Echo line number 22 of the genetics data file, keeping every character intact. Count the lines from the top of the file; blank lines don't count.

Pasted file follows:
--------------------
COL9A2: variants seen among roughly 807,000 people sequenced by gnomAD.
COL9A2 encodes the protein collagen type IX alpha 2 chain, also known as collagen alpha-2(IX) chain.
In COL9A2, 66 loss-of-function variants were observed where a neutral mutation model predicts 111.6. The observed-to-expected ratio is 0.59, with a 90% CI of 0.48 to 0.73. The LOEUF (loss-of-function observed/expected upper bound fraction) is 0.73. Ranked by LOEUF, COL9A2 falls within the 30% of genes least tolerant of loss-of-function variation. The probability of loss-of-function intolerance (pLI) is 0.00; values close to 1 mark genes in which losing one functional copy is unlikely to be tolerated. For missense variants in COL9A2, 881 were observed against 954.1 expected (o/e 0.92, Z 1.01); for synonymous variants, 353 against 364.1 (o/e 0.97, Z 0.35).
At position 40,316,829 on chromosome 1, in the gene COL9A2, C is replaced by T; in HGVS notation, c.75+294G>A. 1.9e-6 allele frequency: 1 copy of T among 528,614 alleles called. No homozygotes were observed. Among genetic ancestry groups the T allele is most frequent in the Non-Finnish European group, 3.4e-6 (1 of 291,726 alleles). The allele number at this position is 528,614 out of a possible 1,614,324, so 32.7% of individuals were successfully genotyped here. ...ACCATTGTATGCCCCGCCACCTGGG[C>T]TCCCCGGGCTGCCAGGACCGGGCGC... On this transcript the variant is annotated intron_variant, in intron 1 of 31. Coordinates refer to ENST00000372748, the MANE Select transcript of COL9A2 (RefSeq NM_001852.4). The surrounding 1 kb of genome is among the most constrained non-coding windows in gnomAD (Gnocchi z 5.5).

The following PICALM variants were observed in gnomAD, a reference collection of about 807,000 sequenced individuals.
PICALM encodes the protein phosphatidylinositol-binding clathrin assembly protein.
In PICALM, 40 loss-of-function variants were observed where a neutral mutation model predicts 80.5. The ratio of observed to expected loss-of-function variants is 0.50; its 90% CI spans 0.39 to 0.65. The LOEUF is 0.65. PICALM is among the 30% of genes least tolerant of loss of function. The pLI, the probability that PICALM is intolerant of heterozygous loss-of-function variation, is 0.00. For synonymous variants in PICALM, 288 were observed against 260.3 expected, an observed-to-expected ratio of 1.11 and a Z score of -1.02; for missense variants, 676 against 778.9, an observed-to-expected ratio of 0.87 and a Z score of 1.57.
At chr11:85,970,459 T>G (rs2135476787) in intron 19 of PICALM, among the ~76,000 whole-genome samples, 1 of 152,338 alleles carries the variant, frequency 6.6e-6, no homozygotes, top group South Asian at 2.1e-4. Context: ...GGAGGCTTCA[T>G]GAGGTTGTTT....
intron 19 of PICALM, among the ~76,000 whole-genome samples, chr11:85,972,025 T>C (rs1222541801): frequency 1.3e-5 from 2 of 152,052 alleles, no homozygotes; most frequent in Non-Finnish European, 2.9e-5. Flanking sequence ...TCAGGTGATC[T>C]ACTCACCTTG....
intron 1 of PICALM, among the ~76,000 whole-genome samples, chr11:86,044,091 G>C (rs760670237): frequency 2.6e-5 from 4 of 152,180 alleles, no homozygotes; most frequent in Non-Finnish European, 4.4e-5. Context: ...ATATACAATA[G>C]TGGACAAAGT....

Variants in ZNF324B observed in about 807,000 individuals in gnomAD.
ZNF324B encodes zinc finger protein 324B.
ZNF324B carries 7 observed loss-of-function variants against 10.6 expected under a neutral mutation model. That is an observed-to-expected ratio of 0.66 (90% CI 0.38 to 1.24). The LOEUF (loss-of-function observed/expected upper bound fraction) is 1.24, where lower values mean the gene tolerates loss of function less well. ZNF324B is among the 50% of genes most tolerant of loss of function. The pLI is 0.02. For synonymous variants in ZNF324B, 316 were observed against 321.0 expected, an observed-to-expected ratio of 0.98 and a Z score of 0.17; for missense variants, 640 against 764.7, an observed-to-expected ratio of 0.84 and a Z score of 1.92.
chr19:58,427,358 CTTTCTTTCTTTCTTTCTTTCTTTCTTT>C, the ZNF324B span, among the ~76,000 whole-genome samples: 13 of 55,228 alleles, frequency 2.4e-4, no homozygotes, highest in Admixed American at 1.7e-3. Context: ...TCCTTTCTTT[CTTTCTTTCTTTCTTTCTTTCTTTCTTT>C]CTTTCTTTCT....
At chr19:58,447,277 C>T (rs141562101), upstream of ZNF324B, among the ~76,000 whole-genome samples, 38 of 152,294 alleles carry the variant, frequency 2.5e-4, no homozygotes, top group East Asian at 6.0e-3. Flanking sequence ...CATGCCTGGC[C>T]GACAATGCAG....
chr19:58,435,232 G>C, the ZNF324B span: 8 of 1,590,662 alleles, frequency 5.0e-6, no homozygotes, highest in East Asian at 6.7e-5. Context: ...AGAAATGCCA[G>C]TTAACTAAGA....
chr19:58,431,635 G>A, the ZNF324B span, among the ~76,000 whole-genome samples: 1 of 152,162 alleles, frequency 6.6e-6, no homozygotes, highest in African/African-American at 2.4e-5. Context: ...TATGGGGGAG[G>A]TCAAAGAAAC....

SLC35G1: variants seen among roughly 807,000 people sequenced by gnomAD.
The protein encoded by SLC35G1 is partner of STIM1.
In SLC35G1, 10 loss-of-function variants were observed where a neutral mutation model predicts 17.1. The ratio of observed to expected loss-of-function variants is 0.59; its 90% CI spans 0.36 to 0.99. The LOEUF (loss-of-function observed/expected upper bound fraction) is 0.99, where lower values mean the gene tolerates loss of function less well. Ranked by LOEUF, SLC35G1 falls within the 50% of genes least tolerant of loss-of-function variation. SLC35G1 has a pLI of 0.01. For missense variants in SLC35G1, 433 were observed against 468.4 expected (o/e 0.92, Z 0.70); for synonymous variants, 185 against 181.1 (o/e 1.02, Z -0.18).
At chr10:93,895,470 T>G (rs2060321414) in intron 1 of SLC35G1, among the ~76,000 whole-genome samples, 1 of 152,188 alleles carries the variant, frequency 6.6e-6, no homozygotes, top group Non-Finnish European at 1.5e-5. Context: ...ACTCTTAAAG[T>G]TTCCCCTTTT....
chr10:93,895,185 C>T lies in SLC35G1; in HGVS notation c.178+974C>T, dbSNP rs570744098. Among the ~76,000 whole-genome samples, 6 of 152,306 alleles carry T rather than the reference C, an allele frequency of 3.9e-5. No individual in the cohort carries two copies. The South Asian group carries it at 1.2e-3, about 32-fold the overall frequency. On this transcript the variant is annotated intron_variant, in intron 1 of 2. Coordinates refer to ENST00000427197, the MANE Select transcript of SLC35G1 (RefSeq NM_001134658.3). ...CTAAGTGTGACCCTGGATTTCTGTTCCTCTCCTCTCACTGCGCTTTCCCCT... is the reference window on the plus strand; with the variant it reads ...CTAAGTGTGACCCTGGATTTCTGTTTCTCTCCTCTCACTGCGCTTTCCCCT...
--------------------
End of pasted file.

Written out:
chr10:93,895,185 C>T lies in SLC35G1; in HGVS notation c.178+974C>T, dbSNP rs570744098. Among the ~76,000 whole-genome samples, 6 of 152,306 alleles carry T rather than the reference C, an allele frequency of 3.9e-5. No individual in the cohort carries two copies. The South Asian group carries it at 1.2e-3, about 32-fold the overall frequency. On this transcript the variant is annotated intron_variant, in intron 1 of 2. Coordinates refer to ENST00000427197, the MANE Select transcript of SLC35G1 (RefSeq NM_001134658.3). ...CTAAGTGTGACCCTGGATTTCTGTTCCTCTCCTCTCACTGCGCTTTCCCCT... is the reference window on the plus strand; with the variant it reads ...CTAAGTGTGACCCTGGATTTCTGTTTCTCTCCTCTCACTGCGCTTTCCCCT...